Bear's Blog

The Bigger Transitions

Oct 06, 2022

Fall is a time of transition. Seasonal changes affect the planetary whole - that includes us, and definitely our bodies! In the Indian system of health, Ayurveda, the fall and spring are the optimal time to do a cleanse because we are more susceptible to getting sick when “weathering” these changes.

We undergo many major transitions in our lives; it’s these in-between times that create higher levels of stress in our physiology. How can we navigate challenging conditions with more ease?

We’re all familiar with the big events that change our day-to-day lives; marriage, having a child, moving, starting and/or ending a job or school, divorce, financial issues, a serious illness and the death of a loved one - to name a few. Most of us have experienced at least one of these during Covid.

They may be an occasion for joy or grief, excitement or insecurity. All mark a major life and lifestyle change, leaving the familiar behind for the wild unknown. In regards to Covid, the transitions are ongoing and will be part of the landscape for some time to come. 

It helps to be mindful and take better care of ourselves. Of course that’s when our self-care routines tend to go out the window, just when we need them the most! It takes practice during “normal” times to embody these antidotes to stress. Then they are available to you, and can even anchor you in the tumult. Don't worry - it's never too late to start...

What kinds of practices are most helpful? Those that regulate your physiology have a powerful effect. The breath especially can do that, as it is autonomic - happening without our thinking about it, thankfully - but we can also step in and control it. In yoga’s pranayam, there are many different types of breathing to use in various situations.

The 3-part ujjayi breath is the most basic, and alternate nostril breathing (shodhana) is specifically designed to calm down or activate the physiology. Both stimulate the vagus nerve, which positively affects many of our systems, bringing them back into homeostasis (modern science “proving” what the yogis of old knew!)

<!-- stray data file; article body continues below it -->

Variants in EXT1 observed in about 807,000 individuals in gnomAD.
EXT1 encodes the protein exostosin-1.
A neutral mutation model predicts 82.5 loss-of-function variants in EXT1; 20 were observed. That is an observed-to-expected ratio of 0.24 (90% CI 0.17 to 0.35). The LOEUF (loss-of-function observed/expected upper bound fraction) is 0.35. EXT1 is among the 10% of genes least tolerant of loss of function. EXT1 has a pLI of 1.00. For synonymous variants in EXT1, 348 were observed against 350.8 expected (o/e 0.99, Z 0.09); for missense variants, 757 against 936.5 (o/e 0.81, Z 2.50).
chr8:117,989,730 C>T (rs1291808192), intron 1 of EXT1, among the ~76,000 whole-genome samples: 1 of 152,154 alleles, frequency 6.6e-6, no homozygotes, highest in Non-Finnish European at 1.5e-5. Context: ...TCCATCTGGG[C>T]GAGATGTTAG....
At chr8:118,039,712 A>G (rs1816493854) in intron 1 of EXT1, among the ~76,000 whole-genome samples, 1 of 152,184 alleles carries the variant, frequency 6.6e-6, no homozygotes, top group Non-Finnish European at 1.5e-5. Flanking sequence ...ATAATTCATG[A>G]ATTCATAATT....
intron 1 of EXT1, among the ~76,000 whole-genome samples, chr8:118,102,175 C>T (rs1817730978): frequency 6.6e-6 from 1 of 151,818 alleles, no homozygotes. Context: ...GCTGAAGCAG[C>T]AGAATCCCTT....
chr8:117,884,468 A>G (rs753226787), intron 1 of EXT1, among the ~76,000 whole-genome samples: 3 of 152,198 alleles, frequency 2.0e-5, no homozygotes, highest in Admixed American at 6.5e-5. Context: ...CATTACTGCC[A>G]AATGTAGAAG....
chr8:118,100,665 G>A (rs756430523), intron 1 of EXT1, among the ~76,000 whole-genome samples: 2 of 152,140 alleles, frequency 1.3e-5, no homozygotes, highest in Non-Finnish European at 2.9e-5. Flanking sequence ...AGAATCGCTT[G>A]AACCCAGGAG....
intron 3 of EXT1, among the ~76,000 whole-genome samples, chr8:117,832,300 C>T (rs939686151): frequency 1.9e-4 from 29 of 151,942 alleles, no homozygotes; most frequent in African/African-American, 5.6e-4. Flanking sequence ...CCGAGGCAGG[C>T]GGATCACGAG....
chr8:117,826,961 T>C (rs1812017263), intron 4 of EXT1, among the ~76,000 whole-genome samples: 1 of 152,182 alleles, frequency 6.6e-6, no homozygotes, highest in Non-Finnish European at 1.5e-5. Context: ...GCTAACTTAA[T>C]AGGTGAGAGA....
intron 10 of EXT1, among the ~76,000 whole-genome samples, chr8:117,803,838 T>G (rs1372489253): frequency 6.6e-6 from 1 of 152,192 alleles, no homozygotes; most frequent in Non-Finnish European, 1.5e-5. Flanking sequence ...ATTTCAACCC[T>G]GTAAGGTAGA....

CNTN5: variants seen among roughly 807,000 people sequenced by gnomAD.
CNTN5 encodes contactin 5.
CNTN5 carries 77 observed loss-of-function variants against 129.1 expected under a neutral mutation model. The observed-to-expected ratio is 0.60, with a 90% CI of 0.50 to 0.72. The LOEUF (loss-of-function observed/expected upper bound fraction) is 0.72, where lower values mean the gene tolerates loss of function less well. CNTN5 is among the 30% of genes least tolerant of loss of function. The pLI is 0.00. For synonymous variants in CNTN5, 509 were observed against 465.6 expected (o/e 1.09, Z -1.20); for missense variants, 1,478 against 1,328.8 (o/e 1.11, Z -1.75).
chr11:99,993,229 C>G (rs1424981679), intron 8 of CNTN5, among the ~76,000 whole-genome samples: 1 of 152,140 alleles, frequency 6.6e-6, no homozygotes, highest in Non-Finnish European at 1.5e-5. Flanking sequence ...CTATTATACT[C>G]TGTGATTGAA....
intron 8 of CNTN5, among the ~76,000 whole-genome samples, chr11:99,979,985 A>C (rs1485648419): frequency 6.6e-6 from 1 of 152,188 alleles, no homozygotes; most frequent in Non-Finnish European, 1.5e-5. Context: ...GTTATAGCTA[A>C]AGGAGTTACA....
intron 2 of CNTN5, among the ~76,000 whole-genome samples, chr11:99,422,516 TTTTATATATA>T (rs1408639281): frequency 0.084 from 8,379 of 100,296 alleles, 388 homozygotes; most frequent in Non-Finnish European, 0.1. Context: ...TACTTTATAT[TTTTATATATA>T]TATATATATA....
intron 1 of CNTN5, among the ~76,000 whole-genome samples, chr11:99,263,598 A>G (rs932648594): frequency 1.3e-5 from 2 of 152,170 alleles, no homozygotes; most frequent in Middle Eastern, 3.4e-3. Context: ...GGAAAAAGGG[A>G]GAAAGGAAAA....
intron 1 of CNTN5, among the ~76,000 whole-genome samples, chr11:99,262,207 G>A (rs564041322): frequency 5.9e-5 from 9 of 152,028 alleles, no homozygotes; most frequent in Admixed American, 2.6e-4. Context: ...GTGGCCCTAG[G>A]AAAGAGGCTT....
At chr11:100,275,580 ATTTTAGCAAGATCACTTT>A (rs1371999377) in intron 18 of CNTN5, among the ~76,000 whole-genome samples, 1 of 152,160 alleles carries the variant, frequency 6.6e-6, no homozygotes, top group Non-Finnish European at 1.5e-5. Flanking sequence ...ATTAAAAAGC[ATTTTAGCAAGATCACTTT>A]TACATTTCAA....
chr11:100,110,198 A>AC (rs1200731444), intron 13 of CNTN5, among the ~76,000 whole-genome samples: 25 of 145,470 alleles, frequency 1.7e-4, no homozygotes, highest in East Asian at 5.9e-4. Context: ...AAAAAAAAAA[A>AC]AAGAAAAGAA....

Meditation is always helpful if we can take the time. I use the breath to prepare for meditation, and also while lying in bed to begin and end the day. The more I do that, the more often I think of doing it on the fly! Again, practicing in calmer times helps cultivate it as a reliable resource when needed.

For grounding, a quick visualization will also help to be present and reset yourself. My all-time favorite is the Hara line. There are many others, so find the one(s) that resonate with you and start practicing. Do the same for breath. Ironically, there is a resurgence of interest in breathwork from its heyday in the 1960’s, like so many other healing modalities.

Homeopathy, vitamins, herbs and other supplements all have a role to play. In addition, make it a priority to start integrating some of these energetic tools for the inevitable transitions in your lifetime - and for everyday stressors too!


Peace, love and healing -


If you're wanting some in-person instruction and practice on these and other self-care healing methods, I am teaching a 4-day class - next week! - at Mercy Center in San Francisco. There are still 3 spots left for this incredible experience in a beautiful, intimate class setting. I am so excited to share with you! Are you ready? Email me at [email protected] to find out more.

If class is not in the cards for you right now, check out my free resource for the Hara line technique to ground and align here - 

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